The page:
EDF records UK profit of £903m

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EDFEnergy giant EDF recorded a £903 million UK profits haul in the first half of the year as Britons were charged more to crank up the heating.

The French-owned supplier said underlying earnings rose 2.8%, helped by greater gas demand from households during the coldest spring in 50 years and by selling power at higher prices on the wholesale markets.

The UK's biggest electricity generator, which supplies gas and electricity to about 3.7 million homes in the UK, hiked bills by 10.8% on average late last year. However, it insisted its UK retail arm continues to lose money.

EDF earned the bulk of its profits through its power generation arm, which has a fleet of eight nuclear power stations in the UK, plus two coal plants and one gas power station. It said UK revenues rose 7.3% to 4.99 billion euro (£4.33 billion) during the first six months of the year.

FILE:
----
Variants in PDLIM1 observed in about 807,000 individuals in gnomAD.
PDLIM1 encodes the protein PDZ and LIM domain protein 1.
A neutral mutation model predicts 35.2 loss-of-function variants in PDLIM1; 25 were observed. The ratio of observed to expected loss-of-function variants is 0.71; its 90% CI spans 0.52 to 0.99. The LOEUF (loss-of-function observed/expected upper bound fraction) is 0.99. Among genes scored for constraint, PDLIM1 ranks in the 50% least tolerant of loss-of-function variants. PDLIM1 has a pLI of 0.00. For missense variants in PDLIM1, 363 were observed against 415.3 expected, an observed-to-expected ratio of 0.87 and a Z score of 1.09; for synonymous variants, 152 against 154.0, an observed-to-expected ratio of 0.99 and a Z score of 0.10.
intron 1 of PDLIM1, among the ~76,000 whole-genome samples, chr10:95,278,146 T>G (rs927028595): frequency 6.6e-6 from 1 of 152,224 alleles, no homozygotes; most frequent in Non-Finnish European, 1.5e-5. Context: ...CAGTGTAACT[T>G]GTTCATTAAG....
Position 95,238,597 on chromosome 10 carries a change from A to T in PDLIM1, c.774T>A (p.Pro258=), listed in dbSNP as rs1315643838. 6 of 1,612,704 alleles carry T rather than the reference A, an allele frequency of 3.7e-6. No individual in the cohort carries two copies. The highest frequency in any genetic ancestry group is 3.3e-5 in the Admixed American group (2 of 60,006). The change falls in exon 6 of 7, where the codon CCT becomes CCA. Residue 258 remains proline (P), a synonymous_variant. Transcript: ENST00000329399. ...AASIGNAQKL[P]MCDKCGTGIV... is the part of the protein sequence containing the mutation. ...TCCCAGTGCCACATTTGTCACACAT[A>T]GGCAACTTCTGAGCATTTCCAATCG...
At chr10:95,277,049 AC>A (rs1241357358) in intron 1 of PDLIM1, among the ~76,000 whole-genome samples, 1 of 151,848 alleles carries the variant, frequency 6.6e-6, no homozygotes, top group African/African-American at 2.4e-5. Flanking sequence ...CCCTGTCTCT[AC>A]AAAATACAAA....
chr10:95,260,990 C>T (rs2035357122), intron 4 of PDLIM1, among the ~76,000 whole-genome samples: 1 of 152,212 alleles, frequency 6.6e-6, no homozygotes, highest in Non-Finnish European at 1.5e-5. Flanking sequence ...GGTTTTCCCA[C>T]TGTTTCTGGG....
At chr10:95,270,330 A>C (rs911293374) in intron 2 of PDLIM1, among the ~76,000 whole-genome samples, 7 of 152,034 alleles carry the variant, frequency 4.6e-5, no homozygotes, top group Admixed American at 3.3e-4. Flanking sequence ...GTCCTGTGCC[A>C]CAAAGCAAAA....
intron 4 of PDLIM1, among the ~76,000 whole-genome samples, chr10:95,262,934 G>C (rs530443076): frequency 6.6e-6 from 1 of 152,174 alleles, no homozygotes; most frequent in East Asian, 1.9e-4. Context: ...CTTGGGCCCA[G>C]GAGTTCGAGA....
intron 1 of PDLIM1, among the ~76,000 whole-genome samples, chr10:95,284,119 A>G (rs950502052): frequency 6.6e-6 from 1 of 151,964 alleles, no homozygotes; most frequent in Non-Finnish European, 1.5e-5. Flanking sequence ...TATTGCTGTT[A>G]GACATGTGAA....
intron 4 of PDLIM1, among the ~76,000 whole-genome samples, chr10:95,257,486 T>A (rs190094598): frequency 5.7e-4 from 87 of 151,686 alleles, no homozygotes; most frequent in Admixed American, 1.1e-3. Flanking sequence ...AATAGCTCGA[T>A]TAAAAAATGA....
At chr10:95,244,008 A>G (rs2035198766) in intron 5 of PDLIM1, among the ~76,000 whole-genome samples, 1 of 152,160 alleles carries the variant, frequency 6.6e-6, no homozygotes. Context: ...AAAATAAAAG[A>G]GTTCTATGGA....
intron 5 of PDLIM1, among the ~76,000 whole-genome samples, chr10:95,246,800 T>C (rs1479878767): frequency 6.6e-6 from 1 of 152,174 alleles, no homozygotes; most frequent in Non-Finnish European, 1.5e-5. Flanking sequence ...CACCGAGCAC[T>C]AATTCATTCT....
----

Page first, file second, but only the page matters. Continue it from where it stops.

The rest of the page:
The group also said negotiations with the Government over building new nuclear power stations in Somerset and Suffolk continue, and it will make a decision on the project by the end of the year.

EDF said UK profits rose due to "good control of operating expenses and favourable wholesale prices" and were also "underpinned by higher gas sales to retail customers due to the cold weather in the first half".

Rising profits are likely to infuriate customers, who were forced to spend more to stay warm during the winter, and come ahead of British Gas owner Centrica's first half results due out on Wednesday. EDF did not quantify how much more power customers used. British Gas hiked prices by an average of 6% in November, but in May pledged to hold back further price rises for the time being.

An EDF spokesman said its UK retail arm was "likely" to have remained loss-making during the first half, without giving details, after recording underlying losses of £92 million in 2012 and £124 million in 2011.

The group insisted its customers benefited from the cheapest standard variable prices of any major supplier during 26 of the 28 weeks during the period.

Higher wholesale power prices helped offset the impact of maintenance cutting output from its UK nuclear plants by one terawatt hour.